One fine morning earlier this month I found myself on the slipway at Robin Hood’s Bay. I was there to help Will Watts of Hidden Horizons with a large school trip. Will was to take one half of the group of rockpooling for an hour, while I led a fossil hunting session, then we’d swap. So there we were at 9:30 am, marveling at the warm weather and the serene tranquility of the bay at low tide. There was hardly a better place to be in all the world.
Suddenly the calm of the bay was broken by the arrival of our party of 50 revved up 10-year-olds, all desperate to find something exciting on the beach. After a brief intro we headed south along the scar. On every fossil walk this is the most anxious and exciting bit because each walk is different. Every day the tide comes in twice and pushes the rocks and pebbles around. Occasionally it does more than that – it shifts vast quantities of sand and rock, burying some areas of the beach and exposing others; it washes debris onto the scar, rips lumps out of the cliffs and scours the beach. Going to the coast after a big storm is like entering a house after a teenage party – stuff lying everywhere with the guilty party sleeping gently just nearby.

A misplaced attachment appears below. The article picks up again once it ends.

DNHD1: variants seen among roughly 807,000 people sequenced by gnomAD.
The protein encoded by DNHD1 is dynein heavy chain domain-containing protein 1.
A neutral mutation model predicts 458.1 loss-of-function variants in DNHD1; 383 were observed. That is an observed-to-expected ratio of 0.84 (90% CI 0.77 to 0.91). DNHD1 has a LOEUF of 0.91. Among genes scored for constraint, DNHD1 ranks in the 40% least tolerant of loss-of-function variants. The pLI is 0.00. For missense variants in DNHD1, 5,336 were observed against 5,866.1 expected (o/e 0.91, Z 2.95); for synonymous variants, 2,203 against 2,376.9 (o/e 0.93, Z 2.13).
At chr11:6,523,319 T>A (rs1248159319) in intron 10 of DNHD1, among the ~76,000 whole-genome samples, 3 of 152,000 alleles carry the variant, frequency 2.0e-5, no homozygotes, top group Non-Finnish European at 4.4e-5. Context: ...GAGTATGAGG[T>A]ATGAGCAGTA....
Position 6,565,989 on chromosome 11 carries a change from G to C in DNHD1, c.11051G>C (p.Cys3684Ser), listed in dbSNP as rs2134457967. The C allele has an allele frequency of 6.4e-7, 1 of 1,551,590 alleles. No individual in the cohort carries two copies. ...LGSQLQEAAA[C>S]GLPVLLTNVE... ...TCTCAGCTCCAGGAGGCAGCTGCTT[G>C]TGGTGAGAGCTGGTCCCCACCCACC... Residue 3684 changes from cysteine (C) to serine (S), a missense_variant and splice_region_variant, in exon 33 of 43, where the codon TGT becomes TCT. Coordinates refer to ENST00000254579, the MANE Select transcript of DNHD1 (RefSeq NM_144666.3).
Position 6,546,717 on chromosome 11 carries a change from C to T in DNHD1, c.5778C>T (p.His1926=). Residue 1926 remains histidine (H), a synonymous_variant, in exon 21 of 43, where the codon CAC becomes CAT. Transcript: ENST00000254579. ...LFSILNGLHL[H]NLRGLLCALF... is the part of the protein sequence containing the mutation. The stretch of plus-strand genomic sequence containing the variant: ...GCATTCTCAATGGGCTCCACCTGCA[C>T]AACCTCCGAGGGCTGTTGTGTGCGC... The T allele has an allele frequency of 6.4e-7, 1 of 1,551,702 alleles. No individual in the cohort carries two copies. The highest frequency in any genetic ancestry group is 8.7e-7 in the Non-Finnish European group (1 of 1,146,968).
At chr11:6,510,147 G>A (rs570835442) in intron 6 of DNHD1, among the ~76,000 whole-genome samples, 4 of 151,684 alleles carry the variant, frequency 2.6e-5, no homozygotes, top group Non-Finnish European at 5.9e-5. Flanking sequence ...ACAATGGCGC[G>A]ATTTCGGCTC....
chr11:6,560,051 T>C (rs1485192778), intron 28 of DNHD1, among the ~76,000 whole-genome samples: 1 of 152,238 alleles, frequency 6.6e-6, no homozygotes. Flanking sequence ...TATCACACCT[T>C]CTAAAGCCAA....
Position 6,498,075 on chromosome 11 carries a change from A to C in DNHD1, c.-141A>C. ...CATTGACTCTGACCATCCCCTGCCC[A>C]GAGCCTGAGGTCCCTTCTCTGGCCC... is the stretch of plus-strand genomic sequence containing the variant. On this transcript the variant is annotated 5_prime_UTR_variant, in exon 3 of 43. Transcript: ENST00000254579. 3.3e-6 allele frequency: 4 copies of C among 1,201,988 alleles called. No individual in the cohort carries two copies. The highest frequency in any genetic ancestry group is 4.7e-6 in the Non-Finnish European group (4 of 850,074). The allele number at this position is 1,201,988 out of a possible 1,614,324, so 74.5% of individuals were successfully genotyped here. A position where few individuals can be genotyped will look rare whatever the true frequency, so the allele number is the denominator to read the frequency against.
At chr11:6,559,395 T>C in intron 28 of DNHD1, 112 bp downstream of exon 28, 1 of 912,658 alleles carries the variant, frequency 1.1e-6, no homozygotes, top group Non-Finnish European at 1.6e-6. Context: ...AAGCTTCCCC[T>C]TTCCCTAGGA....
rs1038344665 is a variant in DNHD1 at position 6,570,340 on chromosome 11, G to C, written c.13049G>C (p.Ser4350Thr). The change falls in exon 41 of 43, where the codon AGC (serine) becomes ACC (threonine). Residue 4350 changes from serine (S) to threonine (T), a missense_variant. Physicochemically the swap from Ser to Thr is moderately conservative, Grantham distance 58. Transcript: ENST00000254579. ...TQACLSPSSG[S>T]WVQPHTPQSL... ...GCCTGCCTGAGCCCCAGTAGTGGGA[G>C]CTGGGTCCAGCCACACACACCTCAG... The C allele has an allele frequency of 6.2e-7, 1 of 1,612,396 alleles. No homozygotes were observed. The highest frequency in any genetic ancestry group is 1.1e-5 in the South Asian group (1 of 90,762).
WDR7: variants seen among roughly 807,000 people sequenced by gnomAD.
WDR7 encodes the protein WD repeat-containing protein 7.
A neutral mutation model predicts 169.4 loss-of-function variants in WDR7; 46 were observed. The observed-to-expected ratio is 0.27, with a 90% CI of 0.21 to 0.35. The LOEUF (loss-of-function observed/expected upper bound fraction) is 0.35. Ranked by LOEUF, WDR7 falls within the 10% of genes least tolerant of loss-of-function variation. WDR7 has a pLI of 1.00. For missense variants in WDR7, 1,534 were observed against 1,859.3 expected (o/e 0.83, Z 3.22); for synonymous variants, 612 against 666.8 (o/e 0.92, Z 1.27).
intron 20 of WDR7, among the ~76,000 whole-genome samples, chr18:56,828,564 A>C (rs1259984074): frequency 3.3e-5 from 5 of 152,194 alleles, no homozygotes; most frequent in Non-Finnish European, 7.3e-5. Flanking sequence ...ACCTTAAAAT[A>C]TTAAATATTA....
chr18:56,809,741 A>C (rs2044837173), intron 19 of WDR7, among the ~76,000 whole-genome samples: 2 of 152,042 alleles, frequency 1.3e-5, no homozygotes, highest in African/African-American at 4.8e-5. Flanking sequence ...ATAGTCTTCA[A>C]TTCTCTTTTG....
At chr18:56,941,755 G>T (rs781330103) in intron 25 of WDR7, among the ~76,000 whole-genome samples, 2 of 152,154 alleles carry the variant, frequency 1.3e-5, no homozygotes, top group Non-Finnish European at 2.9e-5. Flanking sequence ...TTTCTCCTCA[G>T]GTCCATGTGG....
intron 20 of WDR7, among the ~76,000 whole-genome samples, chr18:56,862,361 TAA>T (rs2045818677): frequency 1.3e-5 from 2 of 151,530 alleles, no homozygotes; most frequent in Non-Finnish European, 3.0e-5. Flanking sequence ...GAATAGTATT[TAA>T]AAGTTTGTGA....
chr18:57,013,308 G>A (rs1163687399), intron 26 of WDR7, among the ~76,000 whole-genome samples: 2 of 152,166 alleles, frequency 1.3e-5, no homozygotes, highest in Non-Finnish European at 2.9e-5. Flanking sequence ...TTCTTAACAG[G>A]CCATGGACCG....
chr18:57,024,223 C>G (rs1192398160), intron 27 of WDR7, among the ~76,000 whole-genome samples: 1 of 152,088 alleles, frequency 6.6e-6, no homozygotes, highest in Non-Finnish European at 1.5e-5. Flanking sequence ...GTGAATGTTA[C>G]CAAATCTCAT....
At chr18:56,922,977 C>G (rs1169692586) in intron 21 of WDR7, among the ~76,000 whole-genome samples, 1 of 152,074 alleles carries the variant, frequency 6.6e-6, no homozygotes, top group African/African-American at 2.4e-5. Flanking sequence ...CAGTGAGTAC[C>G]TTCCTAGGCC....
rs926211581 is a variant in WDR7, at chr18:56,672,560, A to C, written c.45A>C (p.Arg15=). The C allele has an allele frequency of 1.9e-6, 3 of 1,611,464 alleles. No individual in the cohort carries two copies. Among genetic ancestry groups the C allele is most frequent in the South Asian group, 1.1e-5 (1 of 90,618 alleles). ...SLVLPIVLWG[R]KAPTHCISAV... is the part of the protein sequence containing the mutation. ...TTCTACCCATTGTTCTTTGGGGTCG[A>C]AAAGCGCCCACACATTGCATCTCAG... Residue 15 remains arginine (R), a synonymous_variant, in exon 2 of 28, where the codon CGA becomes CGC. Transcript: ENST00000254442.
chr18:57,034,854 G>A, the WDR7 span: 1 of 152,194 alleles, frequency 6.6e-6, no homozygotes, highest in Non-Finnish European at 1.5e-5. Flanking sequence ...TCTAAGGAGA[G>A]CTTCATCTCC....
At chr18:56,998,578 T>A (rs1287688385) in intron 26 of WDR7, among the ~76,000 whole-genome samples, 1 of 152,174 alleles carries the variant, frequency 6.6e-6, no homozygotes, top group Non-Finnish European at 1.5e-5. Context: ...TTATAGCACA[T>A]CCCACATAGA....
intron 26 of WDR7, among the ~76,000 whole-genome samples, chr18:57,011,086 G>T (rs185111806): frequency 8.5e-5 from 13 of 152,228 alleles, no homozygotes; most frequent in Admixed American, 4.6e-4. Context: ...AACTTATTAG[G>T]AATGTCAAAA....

So this could be the trip where all the fossils are buried under sand, where all the pebbles have gone, where the scar is just blank rock. Fortunately it never happens like that. Sometimes you see oodles of fossils straightaway, often it takes a few minutes for everyone to get their eye in. But then, almost miraculously, the fossils start to appear – crinoids and bivalves most commonly, then come the corals and the ammonites, the gastropods and the belemnites.
And every trip I tell myself not to worry, there will be fossils, and there always are. But a bit of nervous anticipation adds to the thrill of discovery – don’t you think?